The Cal women’s water polo team headed to the home of rival Stanford this weekend for its toughest tournament of the season, and the team was surrounded by questions of defensive effort. Four tough games of water polo later, the Bears left enemy territory with a taste of sweet victory, and more importantly, yearning for more in the coming months.
Not only did Cal, tied for No. 5, win the tournament, but it did so in a dominating fashion. Not only did the Bears defeat three top-10 opponents, but they did so by answering any questions raised about their defense and holding three opponents to three goals or fewer. And not only did Cal take down the defending national champions and No. 1 team in the nation, Stanford, but they also did so in the home pool of their rivals.
“They’re defending national champions, we beat them in their home pool, and we got the wind in our sails. It’s exciting,” said Cal head coach Richard Corso.
The Bears entered the weekend having not played in two weeks, but despite the extra practice, Cal began the tournament looking like the team that suffered its first loss to Hawaii. In the opening match against No. 12 Pacific, Cal gave up a shocking four goals in the first quarter ─ two from exclusions and one from a penalty ─ which directly contradicted the strong defensive approach preached by Corso all season long.
The Bears led 5-4 after one period, but they were able to calm their erratic defense quickly, holding the Tigers to only four more for the remaining three periods. In the second quarter, Cal’s defense stepped up to the level it expects to play at, and it shut out Pacific while expanding its lead to 9-4 by halftime. The Bears continued their dominance into the second half, and rolled to a 19-8 victory behind hat tricks from junior Stephanie Mutafyan and sophomore Carla Carrega, and two goals from four others.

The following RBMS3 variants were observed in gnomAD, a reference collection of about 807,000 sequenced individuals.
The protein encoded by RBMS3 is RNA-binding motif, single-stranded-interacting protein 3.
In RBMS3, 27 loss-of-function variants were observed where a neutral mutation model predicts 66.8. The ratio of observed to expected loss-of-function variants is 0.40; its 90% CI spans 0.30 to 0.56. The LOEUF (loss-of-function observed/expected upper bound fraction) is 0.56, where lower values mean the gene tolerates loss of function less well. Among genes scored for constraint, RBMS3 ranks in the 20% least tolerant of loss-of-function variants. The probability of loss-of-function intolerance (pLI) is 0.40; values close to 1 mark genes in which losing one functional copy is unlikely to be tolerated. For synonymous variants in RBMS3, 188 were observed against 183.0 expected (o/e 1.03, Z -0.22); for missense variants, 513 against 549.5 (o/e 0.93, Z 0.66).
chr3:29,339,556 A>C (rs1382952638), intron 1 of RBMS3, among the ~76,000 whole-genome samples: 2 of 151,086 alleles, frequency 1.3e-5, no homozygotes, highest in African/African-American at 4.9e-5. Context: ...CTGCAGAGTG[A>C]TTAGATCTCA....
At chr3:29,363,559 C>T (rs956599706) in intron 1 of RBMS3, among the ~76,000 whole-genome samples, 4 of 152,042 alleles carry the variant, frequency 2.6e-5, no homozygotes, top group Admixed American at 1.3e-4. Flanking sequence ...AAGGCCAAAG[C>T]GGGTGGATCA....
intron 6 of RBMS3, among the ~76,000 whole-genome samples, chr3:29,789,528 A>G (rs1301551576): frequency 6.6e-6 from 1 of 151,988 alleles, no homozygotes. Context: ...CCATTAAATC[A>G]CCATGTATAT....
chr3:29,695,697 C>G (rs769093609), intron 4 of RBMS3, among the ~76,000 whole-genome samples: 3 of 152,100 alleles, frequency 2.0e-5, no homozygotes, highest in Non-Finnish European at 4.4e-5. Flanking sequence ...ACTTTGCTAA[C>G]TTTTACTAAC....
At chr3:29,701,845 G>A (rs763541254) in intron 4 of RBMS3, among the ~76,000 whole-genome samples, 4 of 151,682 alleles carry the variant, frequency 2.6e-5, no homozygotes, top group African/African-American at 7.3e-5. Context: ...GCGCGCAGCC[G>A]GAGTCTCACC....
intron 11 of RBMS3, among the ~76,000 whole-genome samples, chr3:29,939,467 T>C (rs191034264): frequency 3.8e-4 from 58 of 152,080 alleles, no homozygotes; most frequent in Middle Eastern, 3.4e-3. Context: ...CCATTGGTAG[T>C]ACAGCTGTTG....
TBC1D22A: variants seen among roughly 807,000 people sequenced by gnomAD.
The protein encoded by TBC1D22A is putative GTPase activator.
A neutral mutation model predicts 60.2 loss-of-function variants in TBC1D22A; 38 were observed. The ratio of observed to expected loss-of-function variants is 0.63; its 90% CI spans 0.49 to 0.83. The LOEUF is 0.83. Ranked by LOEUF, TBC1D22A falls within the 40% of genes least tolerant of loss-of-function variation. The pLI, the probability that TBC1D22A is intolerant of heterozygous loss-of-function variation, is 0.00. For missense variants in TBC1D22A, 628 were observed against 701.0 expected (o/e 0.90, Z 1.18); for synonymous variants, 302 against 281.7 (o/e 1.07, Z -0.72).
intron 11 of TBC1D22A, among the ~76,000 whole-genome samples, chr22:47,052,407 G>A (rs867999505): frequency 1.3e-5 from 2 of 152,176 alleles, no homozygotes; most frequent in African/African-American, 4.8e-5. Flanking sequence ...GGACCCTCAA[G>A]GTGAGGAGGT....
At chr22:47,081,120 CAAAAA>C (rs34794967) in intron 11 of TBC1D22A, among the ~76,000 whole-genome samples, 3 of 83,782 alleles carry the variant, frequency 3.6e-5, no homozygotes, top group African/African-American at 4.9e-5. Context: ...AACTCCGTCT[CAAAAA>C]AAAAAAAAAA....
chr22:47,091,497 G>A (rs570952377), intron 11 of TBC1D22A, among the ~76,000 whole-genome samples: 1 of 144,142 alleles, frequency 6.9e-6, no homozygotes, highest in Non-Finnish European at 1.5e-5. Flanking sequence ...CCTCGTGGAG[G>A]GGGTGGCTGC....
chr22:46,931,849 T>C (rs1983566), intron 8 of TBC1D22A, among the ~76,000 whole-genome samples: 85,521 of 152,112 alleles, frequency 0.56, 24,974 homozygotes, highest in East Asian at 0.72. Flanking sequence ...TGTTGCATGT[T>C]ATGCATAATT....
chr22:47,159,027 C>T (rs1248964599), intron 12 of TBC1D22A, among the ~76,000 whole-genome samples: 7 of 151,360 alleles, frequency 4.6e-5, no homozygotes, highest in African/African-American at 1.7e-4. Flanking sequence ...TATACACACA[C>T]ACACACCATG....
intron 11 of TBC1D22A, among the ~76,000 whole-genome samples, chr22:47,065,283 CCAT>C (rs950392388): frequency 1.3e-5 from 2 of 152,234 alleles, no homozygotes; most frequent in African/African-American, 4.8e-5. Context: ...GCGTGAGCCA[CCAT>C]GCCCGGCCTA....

Cal’s second and third opponents of the weekend, No. 10 UC Irvine and UC Davis — tied for No. 8, respectively — presented notably more difficult defensive challenges for the Bears’ offense to overcome. Cal’s defense, however, maintained its play from the last three quarters against Pacific and led the Bears to two more victories. The Anteaters held the Bears to only one goal in the first period and tied the game at 1-1 early in the second, but then the Bears broke away before halftime, slotting three goals in nearly two minutes to take a 4-1 lead into the break. Similar strong play from the Bears in the second half only allowed one more Irvine goal, and Cal won comfortably, 7-2.
UC Davis, on the other hand, posed its defensive challenge to the Bears in the second half, holding the Bears to one goal, but it made little difference in the final outcome. Cal began the game with five unanswered goals and entered halftime up 5-1. The Aggies stepped up defensively during the second half, but the Bears defense did not allow Davis a comeback, sealing Cal a place in the championship with a 6-3 win.
In the final against the rival Cardinal, Cal found itself down 1-0 after one quarter, but once again, the Bears turned to their defense. Cal held Stanford scoreless for the next two quarters, and one goal by Mutafyan in each quarter propelled the Bears to a 2-1 lead entering the fourth quarter. Carrega expanded the lead to 3-1, and two goals by junior Genevieve Weed sealed the deal. The defense only allowed one more, and Cal took home the championship with a 5-2 victory.
“We are moving forward and getting closer to playing total water polo. More defense, individual and team defense, and finishing ability and reading abilities on offense. We’re getting better. We’re excited about the results,” Corso said. “The girls are really fired up. It was good to beat them, but it was even better to beat them in their home pool.”
Vikram Muller covers women’s water polo. Contact him at [email protected]